We'll keep trying to bring out neat ways to explore the web!
In fact, we're always rolling out new things that improve things for users. :)
Cool! That scroller will make it much easier to surf for porn</tastless comment>
I did a search just now on Webquotes for something I've been looking for (for a long time now) and found it first go. Just for that, Webquotes gets a :tup: (thumbs up) from me. :)
We're always happy when someone finds a new way to use Google, Krapulator. On the other hand, you might want to watch out for raging pop-up storms. ;)
Glad that WebQuotes did the job for you, Zaccix!
Good find Ruble88!
Well after the Google Viewer is active a no.1 on search results are not that important anymore, because many cant stop go for the next page just to see what comes next, thats for sure. The design for the front page must be in top to get one to stop and manny will first stop when they have seen no.7 and then they will stay by no. 7, this could mean that no.7 will get more hits than no.1, nobody stops at no.1, this is a big ranking change now its better to be in the middle.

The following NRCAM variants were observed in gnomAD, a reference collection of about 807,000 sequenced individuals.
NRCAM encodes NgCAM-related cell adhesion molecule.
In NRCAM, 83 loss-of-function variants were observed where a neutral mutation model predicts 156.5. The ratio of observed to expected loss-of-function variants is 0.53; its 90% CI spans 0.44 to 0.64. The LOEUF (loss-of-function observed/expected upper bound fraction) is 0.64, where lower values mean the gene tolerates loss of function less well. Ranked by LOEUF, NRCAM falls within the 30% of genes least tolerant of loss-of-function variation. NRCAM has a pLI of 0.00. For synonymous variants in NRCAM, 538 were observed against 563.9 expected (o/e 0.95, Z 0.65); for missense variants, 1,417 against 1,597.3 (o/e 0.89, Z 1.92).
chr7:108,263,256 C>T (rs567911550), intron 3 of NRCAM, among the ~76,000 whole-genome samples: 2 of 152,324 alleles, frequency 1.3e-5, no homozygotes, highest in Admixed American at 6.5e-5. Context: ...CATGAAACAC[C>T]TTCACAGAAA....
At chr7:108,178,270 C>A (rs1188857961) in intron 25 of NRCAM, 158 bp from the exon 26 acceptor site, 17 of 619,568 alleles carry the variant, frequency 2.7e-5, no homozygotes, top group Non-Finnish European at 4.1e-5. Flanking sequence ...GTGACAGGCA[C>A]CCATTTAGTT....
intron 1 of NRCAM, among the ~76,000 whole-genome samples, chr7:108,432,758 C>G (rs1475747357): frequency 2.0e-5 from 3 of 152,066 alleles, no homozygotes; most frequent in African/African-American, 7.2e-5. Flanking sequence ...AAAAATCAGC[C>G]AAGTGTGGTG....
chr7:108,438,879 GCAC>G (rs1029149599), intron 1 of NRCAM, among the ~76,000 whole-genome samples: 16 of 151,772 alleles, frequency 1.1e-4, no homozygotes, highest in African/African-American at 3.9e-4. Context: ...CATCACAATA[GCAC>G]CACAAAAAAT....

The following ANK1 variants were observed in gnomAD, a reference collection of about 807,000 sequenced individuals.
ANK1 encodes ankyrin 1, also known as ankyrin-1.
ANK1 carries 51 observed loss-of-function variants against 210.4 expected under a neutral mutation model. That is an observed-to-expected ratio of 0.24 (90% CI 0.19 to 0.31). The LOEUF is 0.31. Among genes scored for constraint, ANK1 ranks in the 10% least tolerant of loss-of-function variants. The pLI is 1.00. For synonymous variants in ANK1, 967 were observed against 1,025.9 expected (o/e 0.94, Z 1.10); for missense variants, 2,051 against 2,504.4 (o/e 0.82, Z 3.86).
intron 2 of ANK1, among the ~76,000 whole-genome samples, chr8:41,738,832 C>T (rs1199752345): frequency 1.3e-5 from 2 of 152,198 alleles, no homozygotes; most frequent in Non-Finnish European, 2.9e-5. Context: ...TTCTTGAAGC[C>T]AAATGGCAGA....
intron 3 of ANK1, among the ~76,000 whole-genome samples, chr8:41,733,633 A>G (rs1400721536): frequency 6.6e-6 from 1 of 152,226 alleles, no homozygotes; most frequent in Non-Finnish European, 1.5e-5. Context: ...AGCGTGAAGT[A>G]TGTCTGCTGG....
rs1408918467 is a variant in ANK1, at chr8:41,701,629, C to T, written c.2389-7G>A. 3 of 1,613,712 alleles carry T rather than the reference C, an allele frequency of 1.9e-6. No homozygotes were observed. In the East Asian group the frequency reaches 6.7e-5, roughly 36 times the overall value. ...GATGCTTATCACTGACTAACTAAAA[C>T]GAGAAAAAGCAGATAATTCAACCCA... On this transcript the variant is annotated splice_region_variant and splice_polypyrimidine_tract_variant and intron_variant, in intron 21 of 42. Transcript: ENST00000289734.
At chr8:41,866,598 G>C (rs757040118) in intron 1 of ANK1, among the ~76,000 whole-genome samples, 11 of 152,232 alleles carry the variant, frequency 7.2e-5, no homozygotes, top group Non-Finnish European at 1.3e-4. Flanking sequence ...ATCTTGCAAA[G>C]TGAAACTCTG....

Neat tools, Googleguy. When do we see the GoogleRemote for controlling the slide show from our easy chair?
Google viewer - Couldn’t get the viewer to work well - seems kinda of like a waste of time to me.
Webquotes - Why did Google feel the need to expand its TOS for this service?
WebQuotes certainly has a lot of potential. It is an example of a "reputation manager" as Nielsen calls them:
Good job, Google.
WebQuotes doesn't yet read numeric character references correctly (all the apostrophes and quotes get mangled). I'm sure that's a detail that will be polished up soon.